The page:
MAYBE SHE'S a little more sophisticated, a little more humane, a little smarter than she was when I dealt with her, but Bekkie (sic) Emery as director of Mendocino County Social Services, gives me pause. Check that: Her appointment gives me a panic attack. Mendo Social Services has never been a bastion of humane, sensible social workers over the years in my fortunately limited experience with them, but my encounters with Ms. Emery, when she functioned as a Children's Protective Services agent, were enraging. Throw in a cast of rotating county-assigned attorneys who would starve to death (and deserved to) without their lucrative county assignments, I found myself involved in a custody case so obvious that everyone outside it looking in, including two clear-headed women working at Project Sanctuary, agreed it was the worst miscarriage of a custody case they'd ever seen. Long story short, and long-time readers will remember it, a Syrian, fluent in English, married to a non-English-speaking Indonesian woman he'd forsaken for a 300-pound reporter from the Press Democrat, accused his wife of renting their daughter to Satanist child abusers. The accusation occurred at a time when twisted pockets of moronic Mendo hysterics, inspired by a Mendo social worker named Pam Hudson, were claiming Satanists were preying on daycare children in Fort Bragg. Only in Mendo, you say? Nope, it was a national hysteria, and further evidence civilization is always only a half-step away from the tom-toms and fortune tellers rattling chicken bones in rusty coffee cans. This case of the innocent Indo mom separated from her young daughter bumbled on for a preposterous year as the child was bounced around foster homes and mom tried to fathom the accusations against her and defend herself against them. One cretinous colleague of Ms. Emery blithely commented to me one day, “Well, you know, Mr. Anderson, child molestation is common in that part of the world.” Having spent four years in that part of the world and speaking the language of that part of the world, I said child molestation was unknown, unlike here in Perv Central. I got a “Whatever” dismissal. It was constantly frustrating to have to argue with really, really limited people somehow invested with the legal authority to grab the children of people unable to fight back, which isn’t to say there aren’t plenty of parents who deserve to lose their children, but only underclass parents lose their kids. And these child confiscations at the time I’m writing about were undertaken by people with no commonsense, no ability whatsoever to suss out truth from untruth. Anyway, that ugly matter, no thanks to Mendo Social Services, ended justly, with mom at last getting the custody of her daughter she should have had very early in the idiotic process. One high moment in the case occurred when two San Francisco cops, un-subpoened, appeared in Mendo Superior Court on behalf of mom because they were so outraged that they'd had to physically separate mother and child on the basis of the father's lies at the SF Greyhound Depot. Anyway, as the world turns it turned to justice in this case, no thanks to the County of Mendocino. Daughter graduated college with honors, mom met a good man, and mother and daughter are living happily ever after.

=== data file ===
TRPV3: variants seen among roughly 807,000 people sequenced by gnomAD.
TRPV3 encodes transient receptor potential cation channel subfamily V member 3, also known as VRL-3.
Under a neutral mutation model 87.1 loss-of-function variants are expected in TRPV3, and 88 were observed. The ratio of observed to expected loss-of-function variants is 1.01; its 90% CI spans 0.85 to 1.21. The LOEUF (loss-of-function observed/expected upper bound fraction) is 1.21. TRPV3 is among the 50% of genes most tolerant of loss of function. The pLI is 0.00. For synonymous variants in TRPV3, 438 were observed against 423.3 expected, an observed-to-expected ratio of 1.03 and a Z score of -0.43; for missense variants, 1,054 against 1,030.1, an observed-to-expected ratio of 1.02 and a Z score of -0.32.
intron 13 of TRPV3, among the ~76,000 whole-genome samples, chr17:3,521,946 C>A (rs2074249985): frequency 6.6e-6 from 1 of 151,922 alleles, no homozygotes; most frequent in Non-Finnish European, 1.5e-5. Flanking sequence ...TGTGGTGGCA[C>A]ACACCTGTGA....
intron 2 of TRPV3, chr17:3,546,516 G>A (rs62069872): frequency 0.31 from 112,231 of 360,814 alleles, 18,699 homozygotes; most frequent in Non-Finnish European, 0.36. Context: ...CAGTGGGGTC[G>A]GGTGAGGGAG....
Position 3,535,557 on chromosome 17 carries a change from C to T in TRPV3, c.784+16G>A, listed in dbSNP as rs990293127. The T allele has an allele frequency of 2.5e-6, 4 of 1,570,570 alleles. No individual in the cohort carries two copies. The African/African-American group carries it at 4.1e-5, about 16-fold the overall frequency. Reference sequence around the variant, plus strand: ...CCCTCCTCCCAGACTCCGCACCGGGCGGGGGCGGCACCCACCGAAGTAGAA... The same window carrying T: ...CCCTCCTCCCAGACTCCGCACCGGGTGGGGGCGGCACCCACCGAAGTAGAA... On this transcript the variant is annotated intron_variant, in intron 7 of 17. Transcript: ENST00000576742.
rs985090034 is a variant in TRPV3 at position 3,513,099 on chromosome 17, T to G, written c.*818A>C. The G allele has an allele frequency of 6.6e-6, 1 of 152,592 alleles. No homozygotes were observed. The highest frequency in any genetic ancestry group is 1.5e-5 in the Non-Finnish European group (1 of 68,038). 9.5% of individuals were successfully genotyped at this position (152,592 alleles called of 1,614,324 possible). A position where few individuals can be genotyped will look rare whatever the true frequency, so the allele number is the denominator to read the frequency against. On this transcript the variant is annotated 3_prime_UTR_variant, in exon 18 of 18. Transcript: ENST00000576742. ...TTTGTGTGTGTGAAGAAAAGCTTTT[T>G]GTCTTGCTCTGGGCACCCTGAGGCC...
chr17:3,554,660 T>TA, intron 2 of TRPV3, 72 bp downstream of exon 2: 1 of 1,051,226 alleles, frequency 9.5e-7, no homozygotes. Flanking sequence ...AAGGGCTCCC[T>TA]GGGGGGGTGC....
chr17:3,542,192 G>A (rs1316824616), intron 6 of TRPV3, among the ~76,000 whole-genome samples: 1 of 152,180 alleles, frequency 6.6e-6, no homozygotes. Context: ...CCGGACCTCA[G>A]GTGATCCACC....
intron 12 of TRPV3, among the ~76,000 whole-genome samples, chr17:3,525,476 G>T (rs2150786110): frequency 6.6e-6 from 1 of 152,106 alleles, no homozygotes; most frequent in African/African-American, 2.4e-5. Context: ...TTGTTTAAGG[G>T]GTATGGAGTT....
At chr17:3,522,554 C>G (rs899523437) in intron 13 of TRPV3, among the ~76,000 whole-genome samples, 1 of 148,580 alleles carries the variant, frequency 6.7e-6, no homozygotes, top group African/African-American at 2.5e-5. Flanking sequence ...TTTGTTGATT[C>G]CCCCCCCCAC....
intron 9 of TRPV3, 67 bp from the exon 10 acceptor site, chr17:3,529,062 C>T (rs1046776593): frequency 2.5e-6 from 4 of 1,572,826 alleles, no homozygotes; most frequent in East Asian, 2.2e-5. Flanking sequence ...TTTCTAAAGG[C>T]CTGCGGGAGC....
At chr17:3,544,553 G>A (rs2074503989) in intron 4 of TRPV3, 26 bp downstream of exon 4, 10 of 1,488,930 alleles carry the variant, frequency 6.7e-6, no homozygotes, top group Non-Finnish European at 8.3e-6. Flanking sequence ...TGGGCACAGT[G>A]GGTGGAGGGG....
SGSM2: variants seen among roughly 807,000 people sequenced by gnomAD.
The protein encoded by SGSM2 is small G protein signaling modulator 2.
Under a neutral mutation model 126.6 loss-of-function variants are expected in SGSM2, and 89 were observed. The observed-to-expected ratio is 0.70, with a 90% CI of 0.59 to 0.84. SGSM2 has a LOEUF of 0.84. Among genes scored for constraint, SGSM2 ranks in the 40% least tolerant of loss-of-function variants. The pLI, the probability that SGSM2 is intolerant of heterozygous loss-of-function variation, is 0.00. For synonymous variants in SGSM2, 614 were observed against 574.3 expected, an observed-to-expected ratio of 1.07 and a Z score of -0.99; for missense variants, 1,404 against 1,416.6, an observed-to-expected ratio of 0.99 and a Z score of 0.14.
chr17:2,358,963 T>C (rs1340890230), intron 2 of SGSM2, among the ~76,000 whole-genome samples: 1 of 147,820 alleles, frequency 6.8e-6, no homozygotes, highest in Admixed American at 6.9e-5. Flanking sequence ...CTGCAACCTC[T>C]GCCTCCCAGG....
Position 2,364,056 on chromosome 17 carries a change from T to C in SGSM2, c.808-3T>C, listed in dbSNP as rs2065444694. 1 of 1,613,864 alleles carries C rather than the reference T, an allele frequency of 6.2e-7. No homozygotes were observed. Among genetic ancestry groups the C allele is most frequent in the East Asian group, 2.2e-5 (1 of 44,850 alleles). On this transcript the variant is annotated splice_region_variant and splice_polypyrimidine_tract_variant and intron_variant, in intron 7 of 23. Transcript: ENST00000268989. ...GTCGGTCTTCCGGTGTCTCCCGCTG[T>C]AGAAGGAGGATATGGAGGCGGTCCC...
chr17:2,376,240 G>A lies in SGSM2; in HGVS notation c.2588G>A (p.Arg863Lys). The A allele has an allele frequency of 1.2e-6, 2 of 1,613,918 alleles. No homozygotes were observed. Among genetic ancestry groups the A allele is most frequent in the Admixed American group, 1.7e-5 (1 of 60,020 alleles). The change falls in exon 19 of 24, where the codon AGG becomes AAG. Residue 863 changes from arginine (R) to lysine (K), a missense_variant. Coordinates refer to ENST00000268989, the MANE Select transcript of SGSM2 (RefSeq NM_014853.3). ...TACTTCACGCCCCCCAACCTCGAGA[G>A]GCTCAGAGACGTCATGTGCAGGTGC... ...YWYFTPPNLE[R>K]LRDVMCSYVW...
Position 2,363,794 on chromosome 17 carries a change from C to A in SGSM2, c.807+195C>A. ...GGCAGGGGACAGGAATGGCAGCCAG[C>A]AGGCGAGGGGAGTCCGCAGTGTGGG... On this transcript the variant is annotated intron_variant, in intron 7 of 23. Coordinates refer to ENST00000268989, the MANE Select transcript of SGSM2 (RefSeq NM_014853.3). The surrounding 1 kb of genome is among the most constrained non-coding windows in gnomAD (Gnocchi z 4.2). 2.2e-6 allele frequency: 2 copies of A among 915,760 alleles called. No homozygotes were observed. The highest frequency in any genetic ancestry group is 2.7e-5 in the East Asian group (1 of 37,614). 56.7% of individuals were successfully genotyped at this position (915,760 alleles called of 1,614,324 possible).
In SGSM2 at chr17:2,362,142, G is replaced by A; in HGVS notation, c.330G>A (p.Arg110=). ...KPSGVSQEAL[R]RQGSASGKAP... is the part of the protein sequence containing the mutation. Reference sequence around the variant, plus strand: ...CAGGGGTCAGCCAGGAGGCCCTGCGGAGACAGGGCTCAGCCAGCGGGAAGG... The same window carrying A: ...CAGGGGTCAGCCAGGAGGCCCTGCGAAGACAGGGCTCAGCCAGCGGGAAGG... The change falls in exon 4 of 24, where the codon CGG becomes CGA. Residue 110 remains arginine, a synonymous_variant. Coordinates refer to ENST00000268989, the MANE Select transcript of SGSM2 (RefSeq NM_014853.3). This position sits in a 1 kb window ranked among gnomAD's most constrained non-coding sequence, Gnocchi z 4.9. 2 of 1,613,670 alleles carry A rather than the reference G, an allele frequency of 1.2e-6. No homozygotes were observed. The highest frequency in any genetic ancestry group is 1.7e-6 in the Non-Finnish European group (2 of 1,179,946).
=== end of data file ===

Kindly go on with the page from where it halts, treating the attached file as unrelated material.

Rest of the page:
I'VE ALWAYS SYMPATHIZED with James Marmon's beefs against Social Services based on his experience with the CPS unit especially. I know local authorities regularly slander him as a nutcase, but I've always felt that Marmon's assessments coincided with my experience of Social Services, that they were duplicitous, unfeeling, arbitrary, conniving, and not at all the kind of people who should be doing the work they're doing.